She worked at IO Data Centers where she implemented 5S safety methodology, reduced inventory shortages, and improved inventory accuracy. She also was an intern at Systems 3, Inc., helping with their inspection and quality of machined parts, designed a new floor layout, and optimized worker to machine utilization. Her senior design project is to improve patient throughput in the phlebotomy lab at Banner MD Anderson Cancer Center, decreasing wait times.
Fritz is treasurer of the student chapter of Institute of Industrial Engineers (IIE), and helped plan for the organization’s regional conference.
“Being on the executive board of IIE entails a lot of planning for the IIE Regional Conference, setting up and organizing the flow of the Engineering Career fairs, and setting up engineering plant tours and info sessions for our members to get experience interacting with industry speakers and professional engineers,” Fritz said.
She will work as a manufacturing engineer at IM Flash Technologies, a joint venture between Intel and Micron Technologies, in Lehi, Utah. She hopes to take her Jeep off road in Moab and go hiking.
“My long-term career aspirations are starting my own business, just like my parents, and ultimately, making a positive difference in the world by helping others. I know that being an engineer I have the capability to be a part of numerous projects and my goal is to strive for engineering achievements in every project I am a part of.”
Elliot Hanson, Distinguished Graduate in Electrical Engineering, knew from an early age that he wanted to be an engineer.
Elliot Hanson was born in San Francisco, but grew up in Albuquerque. He graduated from a small college-preparatory high school, the Albuquerque Academy, where he was an all-state baseball player, winning the New Mexico state championship in his junior year.
“I came to ASU for its size,” Hanson said. “Albuquerque Academy was a small high school where everyone knew each other’s names, so I knew I wanted to experience a large school. Naturally, I chose the largest. Also, Barrett, The Honors College was appealing, as well as the engineering school.”
Hanson knew from an early age that he wanted to be an engineer.
“My dad is a structural engineer in Albuquerque, so I was interested in civil engineering from an early age,” he said.
While shadowing electrical engineers at Boeing’s office in Albuquerque, he decided that was his calling.
“The overriding reasons for my decision being the fact that electrical engineers are involved in just about every possible engineering project, to some degree, and that the stuff the electrical engineers were doing at Boeing was so cool,” Hanson said.
Hanson, a Barrett student, received the New American University Scholarship – President’s Award, as well as the Dean’s Exemplar Student Scholarship. He has a GPA of 3.87 and has been on the Dean’s List for all but one semester. He also was nominated for the Greater Phoenix Area eWeek Engineering Student of the Year in 2014.
Hanson has been on the men’s rugby team, and is president of the ASU chapter of IEEE- Eta Kappa Nu, the electrical engineering honors society.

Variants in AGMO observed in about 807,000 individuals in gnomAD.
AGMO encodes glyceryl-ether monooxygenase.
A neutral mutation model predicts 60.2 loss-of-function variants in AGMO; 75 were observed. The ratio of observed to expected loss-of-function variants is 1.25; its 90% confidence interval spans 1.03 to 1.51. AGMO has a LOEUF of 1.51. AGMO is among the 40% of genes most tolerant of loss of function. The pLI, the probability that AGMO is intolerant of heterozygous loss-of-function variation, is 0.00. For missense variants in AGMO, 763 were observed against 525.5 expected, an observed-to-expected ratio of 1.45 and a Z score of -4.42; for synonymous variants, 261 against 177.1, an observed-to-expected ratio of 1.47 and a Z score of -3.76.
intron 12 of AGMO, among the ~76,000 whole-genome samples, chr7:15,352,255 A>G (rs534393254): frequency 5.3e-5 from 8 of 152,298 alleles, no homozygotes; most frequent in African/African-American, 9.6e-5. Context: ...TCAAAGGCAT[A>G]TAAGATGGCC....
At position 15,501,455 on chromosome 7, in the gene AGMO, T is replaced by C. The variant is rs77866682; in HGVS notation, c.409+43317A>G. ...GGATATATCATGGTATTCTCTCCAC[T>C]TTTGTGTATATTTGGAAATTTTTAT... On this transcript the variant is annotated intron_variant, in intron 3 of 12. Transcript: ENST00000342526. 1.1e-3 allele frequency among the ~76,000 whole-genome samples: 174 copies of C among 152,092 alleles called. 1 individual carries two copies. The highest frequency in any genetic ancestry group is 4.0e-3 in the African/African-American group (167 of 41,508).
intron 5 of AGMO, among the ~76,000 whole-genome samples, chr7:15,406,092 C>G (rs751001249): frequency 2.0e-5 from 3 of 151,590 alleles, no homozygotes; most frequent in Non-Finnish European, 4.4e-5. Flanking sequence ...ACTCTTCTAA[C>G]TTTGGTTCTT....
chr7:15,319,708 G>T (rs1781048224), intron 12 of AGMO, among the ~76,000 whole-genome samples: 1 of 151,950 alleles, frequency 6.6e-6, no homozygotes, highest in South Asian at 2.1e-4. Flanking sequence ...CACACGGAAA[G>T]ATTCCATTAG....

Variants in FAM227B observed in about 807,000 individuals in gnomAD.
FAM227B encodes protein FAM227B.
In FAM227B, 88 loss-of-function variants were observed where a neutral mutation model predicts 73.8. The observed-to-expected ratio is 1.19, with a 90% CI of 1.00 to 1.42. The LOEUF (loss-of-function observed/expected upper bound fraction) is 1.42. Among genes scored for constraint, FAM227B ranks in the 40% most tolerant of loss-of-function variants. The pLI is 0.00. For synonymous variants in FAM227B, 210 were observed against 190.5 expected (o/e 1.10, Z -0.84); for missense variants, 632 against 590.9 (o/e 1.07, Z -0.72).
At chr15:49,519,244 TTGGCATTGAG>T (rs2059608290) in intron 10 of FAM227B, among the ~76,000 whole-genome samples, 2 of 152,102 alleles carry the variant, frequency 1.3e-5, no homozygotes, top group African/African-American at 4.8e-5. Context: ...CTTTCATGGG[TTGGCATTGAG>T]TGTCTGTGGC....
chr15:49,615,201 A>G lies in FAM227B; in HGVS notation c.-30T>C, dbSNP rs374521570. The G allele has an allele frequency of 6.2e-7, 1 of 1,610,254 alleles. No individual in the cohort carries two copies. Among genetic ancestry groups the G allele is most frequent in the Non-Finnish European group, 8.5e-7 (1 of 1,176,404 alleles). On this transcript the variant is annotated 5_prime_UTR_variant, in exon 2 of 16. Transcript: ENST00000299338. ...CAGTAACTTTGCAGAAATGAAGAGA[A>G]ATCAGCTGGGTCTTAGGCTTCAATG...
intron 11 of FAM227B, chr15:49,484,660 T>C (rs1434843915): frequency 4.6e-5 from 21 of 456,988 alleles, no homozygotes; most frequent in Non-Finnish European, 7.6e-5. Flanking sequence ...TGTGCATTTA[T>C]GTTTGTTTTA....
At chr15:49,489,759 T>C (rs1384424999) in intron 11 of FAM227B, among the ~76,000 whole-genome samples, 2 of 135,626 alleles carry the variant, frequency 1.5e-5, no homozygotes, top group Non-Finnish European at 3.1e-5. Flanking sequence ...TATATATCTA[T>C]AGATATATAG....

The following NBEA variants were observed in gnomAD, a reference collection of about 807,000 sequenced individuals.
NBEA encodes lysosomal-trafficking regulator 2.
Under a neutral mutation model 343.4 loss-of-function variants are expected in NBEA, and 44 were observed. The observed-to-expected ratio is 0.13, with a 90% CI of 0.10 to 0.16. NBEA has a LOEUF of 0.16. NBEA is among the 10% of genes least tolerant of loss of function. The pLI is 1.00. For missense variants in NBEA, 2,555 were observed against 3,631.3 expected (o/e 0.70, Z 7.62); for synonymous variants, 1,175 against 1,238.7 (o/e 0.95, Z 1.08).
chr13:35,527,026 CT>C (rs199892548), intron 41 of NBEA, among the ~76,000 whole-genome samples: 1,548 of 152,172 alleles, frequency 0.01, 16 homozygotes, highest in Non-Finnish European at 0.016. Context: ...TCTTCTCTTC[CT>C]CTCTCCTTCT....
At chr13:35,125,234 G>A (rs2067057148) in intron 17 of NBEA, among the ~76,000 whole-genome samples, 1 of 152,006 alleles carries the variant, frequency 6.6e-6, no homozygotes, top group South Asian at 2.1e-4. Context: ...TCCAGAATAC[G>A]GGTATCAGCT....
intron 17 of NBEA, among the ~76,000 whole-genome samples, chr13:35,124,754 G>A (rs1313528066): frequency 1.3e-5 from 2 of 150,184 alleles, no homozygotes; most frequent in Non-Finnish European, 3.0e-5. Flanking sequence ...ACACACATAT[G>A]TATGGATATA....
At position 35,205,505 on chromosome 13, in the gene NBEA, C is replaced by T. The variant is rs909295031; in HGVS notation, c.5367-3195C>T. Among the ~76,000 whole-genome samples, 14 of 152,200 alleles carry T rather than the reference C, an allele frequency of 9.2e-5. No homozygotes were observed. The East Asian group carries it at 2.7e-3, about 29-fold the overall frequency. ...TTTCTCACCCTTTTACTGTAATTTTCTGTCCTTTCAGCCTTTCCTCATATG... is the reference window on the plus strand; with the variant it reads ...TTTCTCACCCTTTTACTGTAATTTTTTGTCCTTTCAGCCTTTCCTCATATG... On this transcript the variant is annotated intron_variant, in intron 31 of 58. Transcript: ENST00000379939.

“My biggest achievement as a member of Eta Kappa Nu was being able to represent the ASU chapter as an officer at the 2013 National conference, hosted by ASU,” Hanson said.
Hanson said the most rewarding, and most challenging, part of his studies has been his senior design project, which required “learning on the fly,” with professors Rodolfo Diaz and James Aberle, both associate professors in the School of Electrical, Computer and Energy Engineering.
After graduation, he plans to work on a master’s degree in electrical engineering through the 4+1 accelerated degree program. During the summer, he will be an intern at Raytheon Missile Systems in Tucson.
He hopes to work in the defense industry.
“My long-term career aspirations are to have a career in an ever-evolving field so I can continue to build my knowledge, and have a satisfying work career,” he said.
Noelle Rabiah, Distinguished Graduate in Chemical Engineering, will graduate after only three years of undergraduate study and plans to pursue a doctorate in the field at Stanford University.
Even though her parents and one of her sisters graduated from ASU – and her father and that sister studied electrical engineering – Noelle Rabiah said she hasn’t simply been following in the family footsteps.
The graduate of Desert Mountain High School in her hometown of Scottsdale, Ariz., said she chose ASU because of the favorable reputations of its engineering programs and Barrett, The Honors College. And she veered onto her own path in choosing to major in chemical engineering.
Rabiah will graduate after only three years of undergraduate study and plans to pursue a doctorate in the field at Stanford University. She was chosen from a select group of high-achieving students for a Stanford Graduate Fellowship in Science and Engineering.
An exceptional record of academic accomplishment and extracurricular involvement helped win her the sought-after Stanford fellowship.
She maintained a perfect 4.0 grade point average, which earned her a Mouer Award. She was also a recipient of the ASU New American University Scholarship — President’s Award, the Scottsdale Youth Leadership Scholarship for both academic excellence and community service, as well as the Dean’s Exemplar Student Scholarship for leadership, performance and involvement in the engineering community.
A student in ASU’s Barrett, The Honors College, Rabiah used as the focal point of her honors thesis the work she did through Fulton Undergraduate Research Initiative. For that project she synthesized and characterized composite nanoparticles, leading to a poster presentation of the research at the national student conference of the American Institute of Chemical Engineers (AIChE) and credit as a coauthor on two publications in research journals.